Carl (Nick) M Nicholson
OX5 #13609 12-15-1916 9-1-1997
–by Larry Nicholson, Son
Jack Jefford of Alaska pioneer airman fame (Winging It :Rand McNally, 1981.) taught my Father Nick (Carl preferred to be called Nick by his friends) how to fly at Broken Bow NE. He soloed the Robin on March 5, 1935 at which time the Robin was not licensed and bore the number 398K. At that time an airplane was not required to be licensed which allowed you to carry passengers or do anything you wanted to do.
Originally a burnt orange color, the 1930 OX powered Robin-Roberstson had been painted black and silver. A short time later while flying the Robin, the horizontal stabilizer covering ballooned up which prevented the nose to rise above a 15 degree nose low attitude. Nick was just able to land it. Inspection also revealed that the fabric was brittle and would crumble in your hands. The stabilizer was soon recovered and then Nick and Bob Booth recovered the wings. Bureau of Commerce famed Aero Inspector Harold Montee licensed the Robin and the number was changed to NC 398K. Montee issued Nick’s first pilot’s license, a limited commercial on April 9, 1936 at Lincoln, Nebraska.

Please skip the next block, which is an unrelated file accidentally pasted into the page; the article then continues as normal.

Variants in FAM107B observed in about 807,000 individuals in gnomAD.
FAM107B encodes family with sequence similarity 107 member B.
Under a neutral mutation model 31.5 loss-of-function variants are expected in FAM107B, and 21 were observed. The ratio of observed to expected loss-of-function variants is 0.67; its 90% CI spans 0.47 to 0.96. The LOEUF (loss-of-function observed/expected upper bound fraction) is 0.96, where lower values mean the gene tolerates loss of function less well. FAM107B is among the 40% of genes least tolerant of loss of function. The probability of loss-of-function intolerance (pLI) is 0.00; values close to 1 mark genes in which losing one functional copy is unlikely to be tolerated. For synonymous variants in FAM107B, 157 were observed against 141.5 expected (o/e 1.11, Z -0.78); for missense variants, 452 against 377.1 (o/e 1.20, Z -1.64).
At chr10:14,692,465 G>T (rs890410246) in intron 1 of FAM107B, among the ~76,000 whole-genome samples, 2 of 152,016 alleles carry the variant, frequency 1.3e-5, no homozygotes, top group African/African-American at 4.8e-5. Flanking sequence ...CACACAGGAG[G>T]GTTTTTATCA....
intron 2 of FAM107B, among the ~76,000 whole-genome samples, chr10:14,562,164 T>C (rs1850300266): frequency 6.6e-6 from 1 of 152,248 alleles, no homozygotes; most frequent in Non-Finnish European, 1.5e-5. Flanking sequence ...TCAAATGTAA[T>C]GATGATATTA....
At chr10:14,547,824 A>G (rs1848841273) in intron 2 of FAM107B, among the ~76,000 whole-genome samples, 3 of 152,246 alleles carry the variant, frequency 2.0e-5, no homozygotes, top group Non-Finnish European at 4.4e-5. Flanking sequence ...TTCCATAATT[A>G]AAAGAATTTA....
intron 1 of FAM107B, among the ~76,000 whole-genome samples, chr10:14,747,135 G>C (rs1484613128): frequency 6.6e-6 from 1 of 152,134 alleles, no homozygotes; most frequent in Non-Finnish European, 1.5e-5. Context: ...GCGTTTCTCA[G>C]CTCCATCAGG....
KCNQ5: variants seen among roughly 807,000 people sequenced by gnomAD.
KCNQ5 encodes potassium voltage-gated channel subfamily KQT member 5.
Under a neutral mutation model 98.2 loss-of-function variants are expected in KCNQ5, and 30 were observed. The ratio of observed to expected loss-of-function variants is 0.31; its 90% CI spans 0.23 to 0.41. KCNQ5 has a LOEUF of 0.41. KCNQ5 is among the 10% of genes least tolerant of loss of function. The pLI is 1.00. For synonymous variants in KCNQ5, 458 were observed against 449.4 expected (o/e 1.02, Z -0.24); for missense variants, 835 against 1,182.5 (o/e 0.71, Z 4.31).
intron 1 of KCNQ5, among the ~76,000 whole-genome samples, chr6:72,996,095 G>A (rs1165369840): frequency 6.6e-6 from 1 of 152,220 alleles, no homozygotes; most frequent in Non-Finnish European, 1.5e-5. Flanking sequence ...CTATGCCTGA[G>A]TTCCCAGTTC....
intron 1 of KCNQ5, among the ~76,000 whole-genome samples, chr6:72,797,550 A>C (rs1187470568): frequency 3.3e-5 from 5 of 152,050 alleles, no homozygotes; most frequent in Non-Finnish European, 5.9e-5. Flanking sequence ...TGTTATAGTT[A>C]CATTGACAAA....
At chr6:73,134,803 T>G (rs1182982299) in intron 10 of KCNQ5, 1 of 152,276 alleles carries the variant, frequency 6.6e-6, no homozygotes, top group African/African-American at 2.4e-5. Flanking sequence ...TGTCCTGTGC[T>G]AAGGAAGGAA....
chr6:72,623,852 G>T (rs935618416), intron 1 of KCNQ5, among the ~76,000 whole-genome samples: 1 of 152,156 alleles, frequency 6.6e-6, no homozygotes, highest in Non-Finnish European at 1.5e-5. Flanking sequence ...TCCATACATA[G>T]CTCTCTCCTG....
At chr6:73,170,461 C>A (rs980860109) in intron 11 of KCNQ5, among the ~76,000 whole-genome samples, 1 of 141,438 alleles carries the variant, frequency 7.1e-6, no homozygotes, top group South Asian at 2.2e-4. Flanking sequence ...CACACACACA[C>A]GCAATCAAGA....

Nick instructed and barnstormed mostly in Nebraska, Kansas, and South Dakota with aviaton pioneers Bob Booth, Charlie Geise, Shorty Cochrane, Jim Clarke, Johnny Deiter, Bob DeWald, Harold Hartley, Ken Holmes, Jack and Bill Jefford, Joe Lambert, Hans Mirow, Evelyn Sharp (Sharpie by Diane Ruth Armour Bartels), Howard Taber, Steve Tuttle, and Jack Westphal. He instructed on the CPTP with Ken Holmes for Don Pratt at Hays, Kansas, in 1939 and 1940.
In September of 1940 Nick became a civilian flight instructor for the Spartan Air Corps Training Detachment at Tulsa, OK. Jay Gentry gave him his school check ride. Near the end of the war he instructed British students for Spartan at the No. 3 British Flying Training School (#3 BFTS) at Miami, OK. (The Royal Air Force in Oklahoma by Paula Carmack Denson, 2006.)
After the war he flew a G model Staggerwing Beach for Fred Manning at Casper, Wyoming. This was his favorite airplane. Bill Halverson has restored the Staggerwing to better than new condition. It was Grand Champion at Oshkosh in 1989 and was in the November Sport Aviation.
Larry Nicholson has audio taped many flying stories of his Father and friends and is now in the process of editing them for a story book he is writing.
The airplane behind Carl Nicholson is his 1930 OX powered Curtis-Robertson.